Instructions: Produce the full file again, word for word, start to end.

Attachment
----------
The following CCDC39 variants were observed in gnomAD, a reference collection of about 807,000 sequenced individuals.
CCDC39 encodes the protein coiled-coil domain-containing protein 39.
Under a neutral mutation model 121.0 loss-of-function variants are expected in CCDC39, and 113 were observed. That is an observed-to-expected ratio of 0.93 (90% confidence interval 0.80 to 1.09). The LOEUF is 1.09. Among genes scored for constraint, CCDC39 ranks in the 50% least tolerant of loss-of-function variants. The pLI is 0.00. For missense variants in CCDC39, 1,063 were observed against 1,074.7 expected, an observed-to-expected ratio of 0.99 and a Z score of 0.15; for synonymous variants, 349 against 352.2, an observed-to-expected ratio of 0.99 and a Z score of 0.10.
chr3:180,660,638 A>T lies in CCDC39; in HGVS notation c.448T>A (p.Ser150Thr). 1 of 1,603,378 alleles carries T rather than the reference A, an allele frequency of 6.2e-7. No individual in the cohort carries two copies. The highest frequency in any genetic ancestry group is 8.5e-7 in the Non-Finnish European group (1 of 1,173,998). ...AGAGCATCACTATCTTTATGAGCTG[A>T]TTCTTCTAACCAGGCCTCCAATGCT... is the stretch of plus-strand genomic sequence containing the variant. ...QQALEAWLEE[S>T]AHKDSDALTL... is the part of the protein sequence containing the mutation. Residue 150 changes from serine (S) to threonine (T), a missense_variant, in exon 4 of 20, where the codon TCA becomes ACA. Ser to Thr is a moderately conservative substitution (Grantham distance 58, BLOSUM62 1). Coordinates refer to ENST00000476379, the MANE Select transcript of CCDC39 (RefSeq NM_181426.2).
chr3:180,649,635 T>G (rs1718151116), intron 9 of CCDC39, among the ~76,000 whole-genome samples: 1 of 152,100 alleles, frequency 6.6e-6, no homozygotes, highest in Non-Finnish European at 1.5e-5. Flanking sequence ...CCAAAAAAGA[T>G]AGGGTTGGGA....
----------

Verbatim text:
The following CCDC39 variants were observed in gnomAD, a reference collection of about 807,000 sequenced individuals.
CCDC39 encodes the protein coiled-coil domain-containing protein 39.
Under a neutral mutation model 121.0 loss-of-function variants are expected in CCDC39, and 113 were observed. That is an observed-to-expected ratio of 0.93 (90% confidence interval 0.80 to 1.09). The LOEUF is 1.09. Among genes scored for constraint, CCDC39 ranks in the 50% least tolerant of loss-of-function variants. The pLI is 0.00. For missense variants in CCDC39, 1,063 were observed against 1,074.7 expected, an observed-to-expected ratio of 0.99 and a Z score of 0.15; for synonymous variants, 349 against 352.2, an observed-to-expected ratio of 0.99 and a Z score of 0.10.
chr3:180,660,638 A>T lies in CCDC39; in HGVS notation c.448T>A (p.Ser150Thr). 1 of 1,603,378 alleles carries T rather than the reference A, an allele frequency of 6.2e-7. No individual in the cohort carries two copies. The highest frequency in any genetic ancestry group is 8.5e-7 in the Non-Finnish European group (1 of 1,173,998). ...AGAGCATCACTATCTTTATGAGCTG[A>T]TTCTTCTAACCAGGCCTCCAATGCT... is the stretch of plus-strand genomic sequence containing the variant. ...QQALEAWLEE[S>T]AHKDSDALTL... is the part of the protein sequence containing the mutation. Residue 150 changes from serine (S) to threonine (T), a missense_variant, in exon 4 of 20, where the codon TCA becomes ACA. Ser to Thr is a moderately conservative substitution (Grantham distance 58, BLOSUM62 1). Coordinates refer to ENST00000476379, the MANE Select transcript of CCDC39 (RefSeq NM_181426.2).
chr3:180,649,635 T>G (rs1718151116), intron 9 of CCDC39, among the ~76,000 whole-genome samples: 1 of 152,100 alleles, frequency 6.6e-6, no homozygotes, highest in Non-Finnish European at 1.5e-5. Flanking sequence ...CCAAAAAAGA[T>G]AGGGTTGGGA....